Autumn is the season of dead leaves and hair loss... In line with the period when you resume your hectic pace of life after a well-deserved rest, this seasonal hair loss does everything to sap your morale. But it does, in fact, correspond to a normal, annual cycle of hair renewal and there's no need to worry about it unnecessarily.
A loss of varying amounts
Certain women will experience slightly more significant hair loss than usual, whereas others suffer seasonal hair loss which could be 3 to 4 times greater than in other months.
It's worth noting that hair loss also occurs in spring, though slightly less significant.
Generally speaking, seasonal hair loss lasts between 4 and 6 weeks.
Hair loss lasting over 6 weeks may be commensurate with another problem (iron deficiency, a thyroid problem, etc.) and you should consult your doctor.
Should I count the amount of hair I lose?
No, that doesn't serve any purpose other than worrying yourself.
Normally we all lose a certain amount of hair every day and this amount varies depending on our hair type and life cycle.
Over a ‘normal’ period, this figure may vary between 20 and 100 hairs per day!
What is the cause of this hair loss?
Seasonal hair loss shares part of its cause with hair loss after child birth.
During the spring and summer, the sun's rays promote the production of vitamin D and certain hormones that encourage growth.
The life span of hairs that would have fallen is increased. We say that the hairs become synchronised.
In autumn, this release decreases and the hairs nearing the end of their life are eradicated.
Do not confuse hair loss...
When we talk about hair loss, we mean dead hairs that are naturally eradicated to ‘make room’ for new hair.
Doctors call this the ‘telogen phase’ and the root is very noticeable at the end stemming from the scalp.
How the root looks should not worry you, it does not mean that you have lost the ‘root’ of your hair and that it won't grow back again. A new strand of hair is already growing at the base of the one that has fallen out.
...with broken hairs!
However, when you return from holidays, your hair may have become weaker due to the salt water, chlorine, wind and sun.
Not to mention more frequent shampooing and the different techniques used to tame your hair: hair clips, hair baubles, swimming caps and hair gel.
Plus, the chemical components in your hair dye interact with each other and with those used to treat the pool water...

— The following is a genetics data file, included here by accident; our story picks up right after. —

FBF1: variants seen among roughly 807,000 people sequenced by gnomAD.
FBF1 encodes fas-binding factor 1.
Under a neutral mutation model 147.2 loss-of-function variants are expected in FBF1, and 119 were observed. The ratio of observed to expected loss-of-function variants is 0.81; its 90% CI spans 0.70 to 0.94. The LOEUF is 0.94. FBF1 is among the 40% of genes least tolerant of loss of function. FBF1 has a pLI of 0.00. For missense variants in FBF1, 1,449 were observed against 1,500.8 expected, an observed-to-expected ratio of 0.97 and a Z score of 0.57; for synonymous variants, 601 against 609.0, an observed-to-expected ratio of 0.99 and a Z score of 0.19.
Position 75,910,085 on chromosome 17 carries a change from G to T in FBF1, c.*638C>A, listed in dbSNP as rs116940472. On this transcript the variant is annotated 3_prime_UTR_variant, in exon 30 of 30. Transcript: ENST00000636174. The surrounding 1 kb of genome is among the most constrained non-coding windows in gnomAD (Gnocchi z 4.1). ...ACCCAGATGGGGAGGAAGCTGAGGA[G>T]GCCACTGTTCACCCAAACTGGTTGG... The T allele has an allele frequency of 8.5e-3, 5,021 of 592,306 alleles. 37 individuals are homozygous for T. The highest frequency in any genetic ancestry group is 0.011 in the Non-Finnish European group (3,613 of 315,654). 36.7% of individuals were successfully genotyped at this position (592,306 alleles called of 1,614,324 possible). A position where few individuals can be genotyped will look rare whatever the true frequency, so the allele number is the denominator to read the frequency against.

In this case, the hair doesn't fall out at the root; instead it breaks at a variable length depending on the cause of the damage.
How to react?
There's absolutely nothing you can do to prevent seasonal hair loss. I'd like to remind you that it's all to do with dead hair being removed naturally.
On the other hand, you can give your scalp all the essential elements your hair needs during the growth phase, so that your ‘winter hair’ is in tip-top condition:
- Sulphur-containing amino acids (cysteine and methionine) which are the base component of keratin
- Vitamin B6 and Zinc which also play a part in the keratin production cycle
- Minerals contained in remineralising plants (link to article about horsetail)
- Omega-3 fatty acids
This supply may be taken internally or you can use a lotion applied to the root of the hair to stimulate growth.
A gentle massage enhances root irrigation and improves integration of minerals and amino acids.
In the event of significant hair loss, doubling up on internal and external intake is advised.
And what about damaged hair?
You may also take action if your hair has been damaged by mistreatment during the summer.
In this case, you may wish to use reparative hair balms or masks.
A quick trip to the hairdresser to get rid of any split ends would also be a good idea.
Eating well throughout the year
You should understand that the way you eat throughout the year is going to influence the strength of your hair and its resistance to damage.
Proteins, omega-3 fatty acids, acid-base equilibrium, regular vitamin D intake and anti-oxidants are elements that all contribute to healthy hair, nails and skin.
Pathologie Du Cheveu by Pierre Bouhanna and Pascal Reygagne, Masson Paris Editions